|Class: Aves: Birds
Passeriformes: Perching birds
cm (7 in)
||Habitat: tall coniferous
forest of the taiga
Circumpolar regions of North America, Europe and Asia
name "waxwing" is derived from the drop-shaped and waxlike tips of the
secondary wing feathers that are, in fact, elongations of the feathers'
shafts. The sexes look much alike, except that the female's plumage is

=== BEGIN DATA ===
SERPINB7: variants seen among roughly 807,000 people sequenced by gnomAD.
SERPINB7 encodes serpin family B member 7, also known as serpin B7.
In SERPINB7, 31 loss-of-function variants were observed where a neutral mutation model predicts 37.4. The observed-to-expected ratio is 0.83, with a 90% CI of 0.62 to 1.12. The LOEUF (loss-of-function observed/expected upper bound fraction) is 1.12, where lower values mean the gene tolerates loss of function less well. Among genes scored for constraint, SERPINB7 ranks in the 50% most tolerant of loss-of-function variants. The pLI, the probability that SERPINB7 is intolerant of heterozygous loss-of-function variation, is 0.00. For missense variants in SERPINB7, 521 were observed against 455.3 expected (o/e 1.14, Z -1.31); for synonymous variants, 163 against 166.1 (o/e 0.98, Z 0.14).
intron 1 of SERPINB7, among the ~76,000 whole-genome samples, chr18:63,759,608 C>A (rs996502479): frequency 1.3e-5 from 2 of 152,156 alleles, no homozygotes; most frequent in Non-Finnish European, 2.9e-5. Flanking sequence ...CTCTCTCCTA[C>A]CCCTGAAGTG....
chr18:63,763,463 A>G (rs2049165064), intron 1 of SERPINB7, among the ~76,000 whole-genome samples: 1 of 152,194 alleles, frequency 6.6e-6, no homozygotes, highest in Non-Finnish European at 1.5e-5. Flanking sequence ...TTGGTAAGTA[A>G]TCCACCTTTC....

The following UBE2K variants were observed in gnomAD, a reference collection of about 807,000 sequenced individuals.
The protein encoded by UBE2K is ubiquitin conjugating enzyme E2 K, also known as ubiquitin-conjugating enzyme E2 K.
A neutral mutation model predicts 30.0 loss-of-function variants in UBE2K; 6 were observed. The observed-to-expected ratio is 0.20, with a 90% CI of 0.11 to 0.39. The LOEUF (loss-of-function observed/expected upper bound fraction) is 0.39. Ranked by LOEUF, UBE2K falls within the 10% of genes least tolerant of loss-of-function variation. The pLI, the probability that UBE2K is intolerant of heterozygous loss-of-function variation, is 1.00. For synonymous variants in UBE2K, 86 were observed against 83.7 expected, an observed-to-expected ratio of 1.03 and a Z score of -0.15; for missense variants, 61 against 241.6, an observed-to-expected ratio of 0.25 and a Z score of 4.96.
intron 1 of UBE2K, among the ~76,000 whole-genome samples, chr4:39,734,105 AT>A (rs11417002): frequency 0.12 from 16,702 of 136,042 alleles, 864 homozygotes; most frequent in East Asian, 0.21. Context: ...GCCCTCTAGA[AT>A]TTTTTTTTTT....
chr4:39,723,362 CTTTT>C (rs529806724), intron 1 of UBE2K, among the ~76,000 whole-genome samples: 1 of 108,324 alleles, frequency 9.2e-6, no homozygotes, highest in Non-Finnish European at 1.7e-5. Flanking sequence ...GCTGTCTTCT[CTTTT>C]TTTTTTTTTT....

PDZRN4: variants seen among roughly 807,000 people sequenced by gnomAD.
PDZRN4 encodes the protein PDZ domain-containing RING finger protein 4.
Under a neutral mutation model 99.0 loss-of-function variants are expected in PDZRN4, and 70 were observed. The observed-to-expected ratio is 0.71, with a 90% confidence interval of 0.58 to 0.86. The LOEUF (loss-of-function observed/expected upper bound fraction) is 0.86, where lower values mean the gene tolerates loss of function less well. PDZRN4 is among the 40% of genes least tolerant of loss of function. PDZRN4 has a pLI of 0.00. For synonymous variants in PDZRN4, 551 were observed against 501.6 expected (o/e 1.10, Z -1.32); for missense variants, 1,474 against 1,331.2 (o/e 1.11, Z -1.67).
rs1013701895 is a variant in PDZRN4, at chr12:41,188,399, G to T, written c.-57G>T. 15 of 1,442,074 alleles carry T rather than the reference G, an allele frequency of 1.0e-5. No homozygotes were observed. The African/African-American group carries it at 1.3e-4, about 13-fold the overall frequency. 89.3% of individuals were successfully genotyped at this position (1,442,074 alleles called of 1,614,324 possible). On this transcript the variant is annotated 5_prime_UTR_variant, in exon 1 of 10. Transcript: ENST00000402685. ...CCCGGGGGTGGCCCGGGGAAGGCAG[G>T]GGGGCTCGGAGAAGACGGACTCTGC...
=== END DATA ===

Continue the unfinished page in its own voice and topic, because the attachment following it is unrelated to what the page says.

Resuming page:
duller. Waxwings normally live on fruit and berries, although they will
catch insects on the wing during the breeding season. In winter they sometimes
migrate south of their range. During his courtship display, the male
presents the female with a berry or ant pupa, which the birds then pass
back and forth from beak to beak but never swallow. The bulky nest is made
from twigs, moss and plant fibers, mainly by the female, who lays 3 to
7 eggs, which she alone incubates.